In shortwave, the other night, I was picking up stations around the world.

Tonight, I was able to very clearly make out CHLO. I am located in EM38, over 700 miles from the transmitter, which only operates at 250 watts during the night time.
I was also able to pick up some international NOAA NAVTEX alerts on 518kHz about a right whale slow zone in the Atlantic off the shore of New Jersey.

I would  highly recommend this antenna amplifier.

Yours sincerely,


Thank you so much, Joshuah, for allowing me to post your note here in the SWLing Post. I’m so glad you found such an affordable way to cobble together an effective antenna system to not only mitigate interference, but also afford you DX-worthy reception. 

I’ve only heard good comments about Cross Country Wireless as well. 

Again, thank you for sharing your impressions and details about your setup!

Click here to check out the Cross Country Wireless amplifier.

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International Radio Club’s Reprints collection of 900+ articles

Many thanks to SWLing Post contributor, Nick Hall-Patch, who shares the following announcement:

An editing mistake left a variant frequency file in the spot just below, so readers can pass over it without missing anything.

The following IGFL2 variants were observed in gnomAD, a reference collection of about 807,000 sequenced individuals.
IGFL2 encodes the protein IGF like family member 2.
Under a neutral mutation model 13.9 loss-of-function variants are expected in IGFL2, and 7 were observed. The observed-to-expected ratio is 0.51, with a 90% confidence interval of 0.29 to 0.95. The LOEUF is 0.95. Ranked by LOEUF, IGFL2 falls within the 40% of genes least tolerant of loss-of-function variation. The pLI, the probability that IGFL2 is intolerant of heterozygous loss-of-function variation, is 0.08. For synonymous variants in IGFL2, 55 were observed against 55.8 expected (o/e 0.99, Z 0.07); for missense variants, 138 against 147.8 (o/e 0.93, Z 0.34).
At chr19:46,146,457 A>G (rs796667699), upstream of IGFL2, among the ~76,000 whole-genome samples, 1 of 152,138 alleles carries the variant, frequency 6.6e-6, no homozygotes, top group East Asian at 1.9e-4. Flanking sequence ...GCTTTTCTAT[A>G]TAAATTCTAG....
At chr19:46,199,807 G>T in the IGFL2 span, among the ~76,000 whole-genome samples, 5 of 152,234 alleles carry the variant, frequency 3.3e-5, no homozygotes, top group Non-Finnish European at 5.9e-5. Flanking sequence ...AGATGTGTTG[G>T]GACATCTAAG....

The International Radio Club’s Reprints collection of 900+ articles about antennas, radio propagation, receivers, accessories, plus items of general interest to MW DXers, continues to grow.   We’ve published an update to the index, at  ,  so that everyone can get access to these latest additions.

We’re also pleased to start offering reprints that did not initially appear in IRCA’s DX Monitor, but are not easily found elsewhere.  For example, we’ve obtained permission from the family of the late prolific author, Dallas Lankford, to organize and republish his out of print articles. 

(if you’ve used the index before, you may need to refresh the browser page to see the latest update, dated December 2021)

Click here to check out the IRCA Index (PDF).